It can be frustrating to constantly attempt to answer queries on HARO and never get quotes or receive any type of media coverage. At times, it can feel like you’re getting nowhere fast. If you’re looking to get more media attention for the work that you do, HARO can be a wonderful resource.
1. Make sure you are answering their questions.

While some queries have more general questions, other times they involve more specific, detailed requests. They do this to make sure that they can corral up answers that truly fit their media coverage. It’s vital to be as clear as possible.  I once sent a bunch of money saving tips to a writer.  I gave her tips based on what I thought she wanted. Instead of wondering if I was on target with her request, I simply gave her a few great ones and then asked if this is what she had in mind. I could have written a book, but why do that if I wasn’t sure. That would leave me and the writer frustrated if I wasn’t interpreting the question properly. Also, some articles only need two to three sentences. Don’t give over too many gems at once, especially if you’re not sure. This is what I wrote after giving some of my best tips:

“Are these tips what you had in mind?  I have tons of tips.

Feel free to follow up with more questions if you need anything.”

2. Take a stab at answering while asking for clarification.

Using tip 1 will allow you to send great answers while still checking for clarification. If your answers are a fit and the writer needs them right away, all your bases are covered. If they need more detail or if you have to tweak things a bit, you give them permission to follow up. In some respects, you’re covered both ways. You give tips but slightly excuse yourself if you’re off the mark. You don’t want to appear like a dodo. Also, you excuse yourself in advance if you were, in fact, being a dodo in the moment and misread the information. Give permission to make them follow up. It also takes the awkwardness out of everything for the writer if they didn’t word things correctly or if their request was too vague or confusing.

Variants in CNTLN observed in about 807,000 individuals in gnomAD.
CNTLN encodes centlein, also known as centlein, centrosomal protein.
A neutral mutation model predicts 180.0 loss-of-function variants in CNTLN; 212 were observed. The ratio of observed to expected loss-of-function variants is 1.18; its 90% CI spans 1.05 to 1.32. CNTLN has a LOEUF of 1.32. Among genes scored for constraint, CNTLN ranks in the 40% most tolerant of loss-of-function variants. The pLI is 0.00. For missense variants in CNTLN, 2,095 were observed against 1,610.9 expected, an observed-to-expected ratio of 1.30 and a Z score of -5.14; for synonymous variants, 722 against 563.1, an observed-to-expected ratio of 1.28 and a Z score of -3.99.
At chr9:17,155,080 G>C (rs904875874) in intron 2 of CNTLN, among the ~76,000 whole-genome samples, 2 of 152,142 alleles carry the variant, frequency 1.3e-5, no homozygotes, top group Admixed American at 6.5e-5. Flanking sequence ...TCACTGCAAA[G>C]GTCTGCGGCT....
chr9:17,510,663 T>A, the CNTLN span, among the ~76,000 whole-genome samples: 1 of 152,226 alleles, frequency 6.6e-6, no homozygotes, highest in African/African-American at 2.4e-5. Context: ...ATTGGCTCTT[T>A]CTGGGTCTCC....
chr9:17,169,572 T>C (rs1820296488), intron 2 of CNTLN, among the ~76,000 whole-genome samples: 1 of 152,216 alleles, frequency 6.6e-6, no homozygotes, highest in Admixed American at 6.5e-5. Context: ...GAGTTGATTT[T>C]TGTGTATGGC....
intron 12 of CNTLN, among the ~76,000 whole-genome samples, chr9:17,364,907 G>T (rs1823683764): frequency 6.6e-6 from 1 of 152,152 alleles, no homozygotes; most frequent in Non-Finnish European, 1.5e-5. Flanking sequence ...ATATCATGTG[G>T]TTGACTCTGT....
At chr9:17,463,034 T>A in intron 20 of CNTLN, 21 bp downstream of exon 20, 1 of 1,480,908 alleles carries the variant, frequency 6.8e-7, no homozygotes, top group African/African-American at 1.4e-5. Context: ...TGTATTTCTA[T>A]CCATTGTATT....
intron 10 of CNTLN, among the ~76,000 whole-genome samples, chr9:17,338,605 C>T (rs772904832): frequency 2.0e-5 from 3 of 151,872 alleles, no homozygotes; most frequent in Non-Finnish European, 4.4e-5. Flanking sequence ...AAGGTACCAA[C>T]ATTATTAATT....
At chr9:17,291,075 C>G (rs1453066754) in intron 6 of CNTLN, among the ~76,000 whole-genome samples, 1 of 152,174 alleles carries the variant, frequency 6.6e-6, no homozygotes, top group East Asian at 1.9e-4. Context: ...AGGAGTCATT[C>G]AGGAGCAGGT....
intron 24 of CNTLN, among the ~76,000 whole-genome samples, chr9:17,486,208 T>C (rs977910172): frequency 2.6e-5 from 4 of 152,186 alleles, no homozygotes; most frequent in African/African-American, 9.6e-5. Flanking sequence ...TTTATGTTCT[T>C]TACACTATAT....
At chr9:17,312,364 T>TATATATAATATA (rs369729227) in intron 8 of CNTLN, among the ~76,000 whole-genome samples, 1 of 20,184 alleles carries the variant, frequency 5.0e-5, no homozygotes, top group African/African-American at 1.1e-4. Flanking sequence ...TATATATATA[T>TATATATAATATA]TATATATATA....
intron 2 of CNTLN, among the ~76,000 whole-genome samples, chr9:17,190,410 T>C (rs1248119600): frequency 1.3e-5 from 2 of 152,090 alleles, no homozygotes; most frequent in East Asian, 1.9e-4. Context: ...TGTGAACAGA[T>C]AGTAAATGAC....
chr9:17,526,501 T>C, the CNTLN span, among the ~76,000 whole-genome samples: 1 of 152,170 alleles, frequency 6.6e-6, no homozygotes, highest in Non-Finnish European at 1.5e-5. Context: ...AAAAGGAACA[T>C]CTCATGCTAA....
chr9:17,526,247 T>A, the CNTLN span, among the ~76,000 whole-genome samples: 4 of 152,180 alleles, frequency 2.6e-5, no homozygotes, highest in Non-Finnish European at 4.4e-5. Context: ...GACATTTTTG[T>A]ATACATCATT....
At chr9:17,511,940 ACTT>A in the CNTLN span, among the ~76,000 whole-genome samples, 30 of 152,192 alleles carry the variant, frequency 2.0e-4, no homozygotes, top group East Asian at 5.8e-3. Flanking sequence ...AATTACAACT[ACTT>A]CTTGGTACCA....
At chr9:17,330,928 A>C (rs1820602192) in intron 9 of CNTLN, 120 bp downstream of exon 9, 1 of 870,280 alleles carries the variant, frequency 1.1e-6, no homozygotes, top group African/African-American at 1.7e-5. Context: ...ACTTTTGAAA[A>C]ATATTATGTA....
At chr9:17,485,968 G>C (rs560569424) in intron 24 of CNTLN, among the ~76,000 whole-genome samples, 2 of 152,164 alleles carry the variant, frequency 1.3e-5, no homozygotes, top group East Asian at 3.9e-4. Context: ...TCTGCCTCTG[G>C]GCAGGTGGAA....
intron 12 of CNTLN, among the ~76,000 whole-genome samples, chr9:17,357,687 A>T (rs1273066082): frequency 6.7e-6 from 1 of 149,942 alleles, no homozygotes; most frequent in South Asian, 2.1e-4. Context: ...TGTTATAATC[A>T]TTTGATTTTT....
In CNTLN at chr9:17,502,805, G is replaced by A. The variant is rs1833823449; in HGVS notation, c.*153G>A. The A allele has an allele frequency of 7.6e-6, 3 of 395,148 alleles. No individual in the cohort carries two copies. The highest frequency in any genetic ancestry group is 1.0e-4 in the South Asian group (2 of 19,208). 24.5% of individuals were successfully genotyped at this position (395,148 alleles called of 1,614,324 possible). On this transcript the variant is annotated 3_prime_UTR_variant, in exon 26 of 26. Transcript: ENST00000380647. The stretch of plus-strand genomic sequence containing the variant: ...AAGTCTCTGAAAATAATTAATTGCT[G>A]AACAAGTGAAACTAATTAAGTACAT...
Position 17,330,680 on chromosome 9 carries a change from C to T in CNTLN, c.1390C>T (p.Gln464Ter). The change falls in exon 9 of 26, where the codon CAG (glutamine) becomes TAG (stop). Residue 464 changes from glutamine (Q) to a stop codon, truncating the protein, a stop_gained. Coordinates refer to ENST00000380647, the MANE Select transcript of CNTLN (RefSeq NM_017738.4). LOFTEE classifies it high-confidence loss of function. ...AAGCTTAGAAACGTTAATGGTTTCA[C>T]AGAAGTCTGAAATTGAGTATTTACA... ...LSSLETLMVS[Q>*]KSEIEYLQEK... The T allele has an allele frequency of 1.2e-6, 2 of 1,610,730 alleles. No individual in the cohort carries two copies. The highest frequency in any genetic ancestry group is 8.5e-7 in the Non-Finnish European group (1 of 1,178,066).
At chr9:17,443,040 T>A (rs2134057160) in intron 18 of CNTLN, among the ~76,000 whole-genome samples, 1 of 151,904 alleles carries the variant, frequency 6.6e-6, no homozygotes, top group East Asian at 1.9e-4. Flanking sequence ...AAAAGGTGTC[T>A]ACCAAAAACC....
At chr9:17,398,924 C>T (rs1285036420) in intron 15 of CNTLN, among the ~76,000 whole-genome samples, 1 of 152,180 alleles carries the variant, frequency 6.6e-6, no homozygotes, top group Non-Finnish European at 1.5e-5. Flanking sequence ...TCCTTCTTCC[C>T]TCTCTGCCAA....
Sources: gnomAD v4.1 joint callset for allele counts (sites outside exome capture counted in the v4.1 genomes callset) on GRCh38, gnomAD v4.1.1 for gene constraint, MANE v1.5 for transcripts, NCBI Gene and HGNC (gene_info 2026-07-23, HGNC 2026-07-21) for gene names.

3. Be brief in the beginning.

I recently was chosen to give tips for an article about credit card hacks. Here’s what I wrote:

“One of my favorite hacks is buying discounted gift cards with my credit cards. I take a budgeted amount for groceries and personal care items and spend the allotted amounts on gift cards.

I’ll buy large increments to use for the month. I get the advantage of paying less for the gift card (larger increments usually offer a higher percentage off), I reap credit card rewards and stay on budget.”

Once I was selected, the writer had a series of questions for me. I cut and pasted them into my email. (I mentioned that in my last post about tips for getting free publicity on HARO but I wanted to be more specific here.) I did this for two reasons. It helps me make sure I answered each question. It also helps the writer see their questions and your answers all in one spot. It’s nicely organized for them. Any time you make someone’s job easier, it’s easier for them to pick you.

So once I received the specific questions, that’s when I spilled the beans in detail. I gave the specifics about the percentage savings on the gift cards and wrote a longer email with tons of details. This way you give the writer numbers, research, maybe even a personal experience of your own, if applicable.

Luckily, I had all of my receipts from the app stored on my phone. So I gave the names of the stores, how much I paid for the gift cards, the value of the gift card and the exact percentage off. Whether you have a cat grooming business, teach people how to get errands done quicker  in ored to spend more time on your business or you’re an expert on the new future of the payment industry, when applicable, give exact numbers in your response.  Estimates don’t sound as believable and the one person who checks the site or app and doesn’t find the number you quoted, will think you’re an imposter. The writer thanked me for giving specific answers. Not to completely brag, but whenever I’ve been chosen that’s what they tell me, so I run with it. My clients have been successful with these strategies as well.

The Bottom Line
It can be tough to write query after query and never get a response on HARO. Unless you’ve just had it and it makes more sense to  hire someone, consider changing your strategy a bit. Try out some of the tips listed above and see what happens.

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Karen is a Nationally Syndicated Personal Finance Writer who sharpens her skills at US News Money. You can also find her placing clients on podcasts and reading about home office organization, productivity and habits.

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